I’ve never forgotten the sonic appeal of the Clearaudio Maestro Wood cartridge, which I reviewed back in 2008 (Issue 185). It appeared at a moment when I was still mourning the collapse of my final Shure V15 VxMR moving magnet and the announcement that its production run was over. The Maestro Wood stepped in and filled the void left by the iconic V15 and in many ways bettered that venerable cartridge’s performance. Although it was a step up in price, I concluded that the Wood was a sweet-talking, addictively balanced performer that “kept its eye on the big picture.”
But time marches on, and recently the aging Maestro was upgraded to V2 Ebony status, joining Clearaudio’s completely rebooted series of moving-magnet cartridges—the entry-level Performer V2 Ebony ($400 output, 3.6mV), the Artist V2 Ebony ($600, 3.8mV), and the Virtuoso V2 Ebony ($900, 4.0mV). These three models are outfitted with aluminum cantilevers and elliptical styli. Nothing so prosaic for the Maestro V2 Ebony, however. Clearaudio has served up something special for its top-tier moving magnet.
The V2 Ebony swaps the earlier Trygon P2 stylus of the Maestro Wood with Clearaudio’s Micro HD stylus. Mounted to a solid boron cantilever, the Micro HD is ultra-low-mass, while the overall assembly is identical to the one used on all of the upper-crust Clearaudio moving-coil cartridges, including the Goldfinger Statement. In comparison to the older Maestro Wood, the Maestro V2 Ebony has a higher 4.2mV output (versus 3.6mV) and offers improved channel separation over the less expensive new models—up from >30dB to >32dB. All of this is courtesy of the improved and more powerful generator, as well as the tighter-tolerance magnets. The Maestro V2 utilizes a tonewood (i.e., ebony) chassis in an enlarged design, where the earlier Maestro used a lower-density Fernambuk wood body. Ebony, well regarded in the musical-instrument world for its extremely high density, also delivers resonance characteristics in keeping with Clearaudio’s best. Like the Wood before it, the Maestro Ebony's wood body fully encloses the motor assembly, but the cantilever assembly is forward of the cartridge body and precariously exposed.
In the interests of full disclosure, my own LP playback system hasn’t remained untouched since I reviewed the Maestro Wood five years ago. The Sota Cosmos vacuum turntable went back to the factory for a much-needed tune-up and upgrade to series IV status. Also I’m currently using the superb John Curl-designed Parasound JC 3 phonostage as my reference and Audience Au24e impedance-matched phono cabling. The totality of these changes has made significant differences in overall neutrality and resolution.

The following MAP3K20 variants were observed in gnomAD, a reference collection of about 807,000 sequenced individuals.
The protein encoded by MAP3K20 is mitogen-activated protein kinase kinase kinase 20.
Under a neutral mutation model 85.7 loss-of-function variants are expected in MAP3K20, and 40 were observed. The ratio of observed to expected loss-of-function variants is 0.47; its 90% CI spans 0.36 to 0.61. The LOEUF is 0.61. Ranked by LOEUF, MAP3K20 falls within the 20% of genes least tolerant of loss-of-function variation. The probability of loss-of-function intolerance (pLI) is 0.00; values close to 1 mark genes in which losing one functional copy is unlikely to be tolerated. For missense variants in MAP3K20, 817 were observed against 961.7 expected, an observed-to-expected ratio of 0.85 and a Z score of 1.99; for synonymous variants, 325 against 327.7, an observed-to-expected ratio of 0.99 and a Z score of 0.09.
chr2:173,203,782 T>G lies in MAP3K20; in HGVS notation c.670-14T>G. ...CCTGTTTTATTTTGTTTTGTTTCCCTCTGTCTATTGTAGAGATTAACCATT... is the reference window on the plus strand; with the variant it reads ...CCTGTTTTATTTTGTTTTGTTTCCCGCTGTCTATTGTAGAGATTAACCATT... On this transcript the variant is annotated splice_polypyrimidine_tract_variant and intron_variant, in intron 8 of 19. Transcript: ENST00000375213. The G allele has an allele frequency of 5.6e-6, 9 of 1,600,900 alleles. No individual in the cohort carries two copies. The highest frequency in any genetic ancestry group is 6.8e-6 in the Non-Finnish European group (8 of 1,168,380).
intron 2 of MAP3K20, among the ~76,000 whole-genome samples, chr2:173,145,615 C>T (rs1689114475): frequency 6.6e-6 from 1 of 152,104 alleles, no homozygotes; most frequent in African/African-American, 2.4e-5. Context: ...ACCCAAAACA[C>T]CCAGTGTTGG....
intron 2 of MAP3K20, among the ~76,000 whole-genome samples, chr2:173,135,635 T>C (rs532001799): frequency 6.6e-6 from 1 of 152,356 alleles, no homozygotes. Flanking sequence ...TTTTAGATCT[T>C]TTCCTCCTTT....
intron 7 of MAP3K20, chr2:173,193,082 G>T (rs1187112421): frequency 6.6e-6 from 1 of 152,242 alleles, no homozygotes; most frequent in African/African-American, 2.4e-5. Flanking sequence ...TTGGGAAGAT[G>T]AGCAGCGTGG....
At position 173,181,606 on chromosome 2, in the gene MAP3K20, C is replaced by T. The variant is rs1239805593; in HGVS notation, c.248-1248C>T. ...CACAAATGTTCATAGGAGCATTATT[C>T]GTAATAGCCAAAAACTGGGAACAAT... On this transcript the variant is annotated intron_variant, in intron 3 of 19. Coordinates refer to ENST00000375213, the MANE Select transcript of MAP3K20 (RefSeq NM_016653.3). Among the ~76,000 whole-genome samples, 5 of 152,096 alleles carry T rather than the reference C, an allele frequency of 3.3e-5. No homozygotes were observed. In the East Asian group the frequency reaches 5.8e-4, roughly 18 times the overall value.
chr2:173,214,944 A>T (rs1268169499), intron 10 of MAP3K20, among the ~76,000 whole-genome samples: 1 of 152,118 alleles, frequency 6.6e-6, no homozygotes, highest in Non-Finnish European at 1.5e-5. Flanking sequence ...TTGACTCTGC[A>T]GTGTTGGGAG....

Even so, the Maestro has also made considerable strides over its forbear particularly in the area of responsiveness. There’s a light- ness and speed in the way it resolves transients. Not that its predecessor was sluggish, but the Maestro Ebony has shed some of that cartridge’s extra warmth, resulting in a more faithful and quicker sound. Like its predecessor it retains a fluidity of character that makes it sound as if the grooves of every record were pre-oiled. Throughout my listening sessions the Maestro tracked very cleanly.
Tonally it travels straight down the rich and wide middle of the sonic spectrum. Its inherent midrange energy and overall balance bring symphonic recordings to life, unifying each section of the orchestra into the greater whole of the ensemble. It never favors a particular tonal range that might, for example, embellish strings or gild the brass section or add string section glitter to Vaughan- Williams’ Wasps Overture. At times it conveys a hint of shadowing on top, yet (and this is personal) it’s a forgiving characteristic that’s far easier on the ears than the false buoyancy created by cartridges that add detail by juicing up the treble. We’ve all heard this for ourselves when we hear a female vocalist that we’re familiar with (I like using Jennifer Warnes or early Joni Mitchell) and suddenly, with the latest and improved “it” cartridge, the vocal image appears with a sonic halo encircling the sung note, as if the mastering engineer has twisted a 5–10kHz knob a couple dB.